In fact, at 1:57 Walcott uses the cakewalk in almost the exact same way as Mark Hunt, baiting his opponent with his crossed legs and slipping into stance at the last possible moment to knock his man down with a thunderous right hand.
Finally, though it’s not counter-fighting, per se, I can’t resist posting this .gif showing Hunt’s very underrated leg kicks in action against Mike Bernardo, a taller-than-Hunt kickboxer renowned for his power and boxing ability but quite susceptible to a sustained leg kicking attack (sound familiar?). Hunt has legs like telephone poles, and he is quite adept at smashing them into the thighs of his opponents. Behold:
The Worst: Overaggresiveness
Hunt and Dos Santos are both skilled strikers. Junior isn’t much of a counter-puncher, but is very dangerous on the aggressive. Mark Hunt is able to both counter-fight and attack, but he has shown a tendency in the past to get a little too aggressive at times. Serious Hunt fans, you might want to look away, because you know what .gif is coming.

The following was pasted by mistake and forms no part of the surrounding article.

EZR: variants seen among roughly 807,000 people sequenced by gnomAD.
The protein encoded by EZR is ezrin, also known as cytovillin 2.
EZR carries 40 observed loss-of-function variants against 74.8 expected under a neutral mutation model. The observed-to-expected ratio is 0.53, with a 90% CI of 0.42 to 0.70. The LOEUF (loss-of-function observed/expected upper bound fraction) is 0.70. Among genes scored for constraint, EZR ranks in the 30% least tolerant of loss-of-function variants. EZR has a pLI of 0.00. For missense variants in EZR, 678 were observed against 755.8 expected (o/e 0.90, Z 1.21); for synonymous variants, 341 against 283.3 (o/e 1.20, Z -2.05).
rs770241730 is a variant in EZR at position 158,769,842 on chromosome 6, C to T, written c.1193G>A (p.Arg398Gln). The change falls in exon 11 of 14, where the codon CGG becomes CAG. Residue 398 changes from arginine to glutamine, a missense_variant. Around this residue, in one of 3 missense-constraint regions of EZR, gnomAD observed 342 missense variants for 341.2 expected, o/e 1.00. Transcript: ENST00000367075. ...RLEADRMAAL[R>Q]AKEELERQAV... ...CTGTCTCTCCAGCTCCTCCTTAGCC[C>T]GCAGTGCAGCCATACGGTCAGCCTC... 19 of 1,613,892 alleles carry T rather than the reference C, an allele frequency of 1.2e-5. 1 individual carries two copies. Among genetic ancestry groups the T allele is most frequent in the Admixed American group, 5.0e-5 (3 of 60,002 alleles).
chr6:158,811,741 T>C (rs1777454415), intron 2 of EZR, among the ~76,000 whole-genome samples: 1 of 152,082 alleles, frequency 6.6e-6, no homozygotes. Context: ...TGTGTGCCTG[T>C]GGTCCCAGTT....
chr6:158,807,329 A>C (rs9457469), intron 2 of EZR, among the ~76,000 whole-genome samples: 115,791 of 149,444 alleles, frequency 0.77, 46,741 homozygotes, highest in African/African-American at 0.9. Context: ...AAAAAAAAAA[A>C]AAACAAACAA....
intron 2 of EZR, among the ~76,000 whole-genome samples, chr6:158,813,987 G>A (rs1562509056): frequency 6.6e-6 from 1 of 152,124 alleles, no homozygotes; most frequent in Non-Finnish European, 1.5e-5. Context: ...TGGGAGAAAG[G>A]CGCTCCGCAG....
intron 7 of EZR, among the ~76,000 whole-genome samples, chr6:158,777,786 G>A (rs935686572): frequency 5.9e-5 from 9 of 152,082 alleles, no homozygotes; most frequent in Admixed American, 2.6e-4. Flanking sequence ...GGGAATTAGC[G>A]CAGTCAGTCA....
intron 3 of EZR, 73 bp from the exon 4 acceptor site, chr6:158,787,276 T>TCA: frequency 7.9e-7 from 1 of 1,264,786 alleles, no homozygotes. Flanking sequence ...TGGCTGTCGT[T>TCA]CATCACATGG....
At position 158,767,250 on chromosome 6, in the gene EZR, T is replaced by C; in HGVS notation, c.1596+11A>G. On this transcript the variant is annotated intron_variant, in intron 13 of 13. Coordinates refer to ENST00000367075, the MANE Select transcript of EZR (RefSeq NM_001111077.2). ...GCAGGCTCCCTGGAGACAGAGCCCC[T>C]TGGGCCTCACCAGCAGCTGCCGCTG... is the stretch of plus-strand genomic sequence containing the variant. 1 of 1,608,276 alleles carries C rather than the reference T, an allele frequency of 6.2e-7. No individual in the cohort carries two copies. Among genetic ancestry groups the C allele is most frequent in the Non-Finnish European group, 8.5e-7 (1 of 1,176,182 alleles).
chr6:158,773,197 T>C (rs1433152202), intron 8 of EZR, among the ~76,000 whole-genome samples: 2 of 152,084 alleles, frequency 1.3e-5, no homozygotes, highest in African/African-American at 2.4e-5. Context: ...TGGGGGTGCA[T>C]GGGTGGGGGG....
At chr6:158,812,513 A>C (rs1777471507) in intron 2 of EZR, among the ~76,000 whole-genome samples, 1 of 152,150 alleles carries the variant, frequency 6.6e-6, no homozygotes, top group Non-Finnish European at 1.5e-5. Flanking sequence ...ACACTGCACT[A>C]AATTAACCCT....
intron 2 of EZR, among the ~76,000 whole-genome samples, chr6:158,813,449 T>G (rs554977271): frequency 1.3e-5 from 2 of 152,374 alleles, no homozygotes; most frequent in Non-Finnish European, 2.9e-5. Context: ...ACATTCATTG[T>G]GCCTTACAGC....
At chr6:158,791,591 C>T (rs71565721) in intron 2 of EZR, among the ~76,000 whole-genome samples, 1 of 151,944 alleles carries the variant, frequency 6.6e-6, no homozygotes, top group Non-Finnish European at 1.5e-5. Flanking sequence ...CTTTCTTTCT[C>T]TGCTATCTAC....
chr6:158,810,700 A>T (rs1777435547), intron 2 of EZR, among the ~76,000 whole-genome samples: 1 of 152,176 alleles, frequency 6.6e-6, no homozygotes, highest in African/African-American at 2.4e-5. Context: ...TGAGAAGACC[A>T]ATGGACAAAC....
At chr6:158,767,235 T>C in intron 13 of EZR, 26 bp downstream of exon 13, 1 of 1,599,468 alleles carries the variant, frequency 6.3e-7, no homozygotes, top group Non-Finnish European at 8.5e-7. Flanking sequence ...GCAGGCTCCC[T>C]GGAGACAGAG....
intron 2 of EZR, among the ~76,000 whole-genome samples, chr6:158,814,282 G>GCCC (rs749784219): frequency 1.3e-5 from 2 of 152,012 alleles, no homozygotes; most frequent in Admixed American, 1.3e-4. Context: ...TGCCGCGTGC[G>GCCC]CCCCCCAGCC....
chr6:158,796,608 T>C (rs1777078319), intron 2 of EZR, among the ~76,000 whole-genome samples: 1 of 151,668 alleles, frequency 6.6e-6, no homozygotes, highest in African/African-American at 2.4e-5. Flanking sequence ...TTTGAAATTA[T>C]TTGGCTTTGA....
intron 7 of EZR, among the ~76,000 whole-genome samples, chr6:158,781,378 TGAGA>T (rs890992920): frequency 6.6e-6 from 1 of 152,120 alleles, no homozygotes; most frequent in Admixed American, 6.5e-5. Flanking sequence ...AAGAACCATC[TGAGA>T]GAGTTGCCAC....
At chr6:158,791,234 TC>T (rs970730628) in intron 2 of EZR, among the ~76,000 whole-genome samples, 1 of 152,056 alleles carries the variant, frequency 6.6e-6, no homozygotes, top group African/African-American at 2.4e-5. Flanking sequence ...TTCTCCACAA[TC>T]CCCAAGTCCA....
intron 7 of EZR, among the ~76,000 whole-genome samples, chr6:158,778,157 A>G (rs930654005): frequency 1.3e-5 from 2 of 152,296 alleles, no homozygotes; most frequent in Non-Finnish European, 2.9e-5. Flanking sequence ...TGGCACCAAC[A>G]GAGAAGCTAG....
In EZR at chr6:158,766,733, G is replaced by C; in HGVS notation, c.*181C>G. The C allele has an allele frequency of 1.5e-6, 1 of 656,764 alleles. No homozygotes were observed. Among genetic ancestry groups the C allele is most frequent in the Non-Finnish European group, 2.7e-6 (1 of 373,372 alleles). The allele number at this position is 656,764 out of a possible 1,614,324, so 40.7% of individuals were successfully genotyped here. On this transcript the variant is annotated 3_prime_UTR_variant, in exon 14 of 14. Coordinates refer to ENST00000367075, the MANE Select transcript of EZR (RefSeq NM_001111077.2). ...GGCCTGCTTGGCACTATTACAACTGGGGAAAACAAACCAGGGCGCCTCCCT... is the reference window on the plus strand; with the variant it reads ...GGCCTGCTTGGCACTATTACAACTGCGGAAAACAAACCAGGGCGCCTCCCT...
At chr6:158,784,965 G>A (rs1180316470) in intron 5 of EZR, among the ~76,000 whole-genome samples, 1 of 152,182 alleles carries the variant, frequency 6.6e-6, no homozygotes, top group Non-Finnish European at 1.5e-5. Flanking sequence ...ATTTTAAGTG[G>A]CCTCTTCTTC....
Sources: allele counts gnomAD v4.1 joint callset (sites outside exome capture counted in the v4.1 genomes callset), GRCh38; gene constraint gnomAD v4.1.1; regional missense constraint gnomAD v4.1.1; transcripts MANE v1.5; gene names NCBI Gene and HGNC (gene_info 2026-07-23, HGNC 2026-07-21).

Hunt charges like a bull at the significantly smaller Manhoef. He lunges forward chin first, feet out of position, and runs straight into a right hand that may as well have been a brick wall. Hunt was probably hoping to overwhelm Manhoef and pin him against the ropes, where he could work him over with hard knees to the body. This was a favorite attack of Hunt’s in his K-1 days. But Hunt approaches a heavy-handed striker like Manhoef all wrong, and goes as limp as a corpse because of it.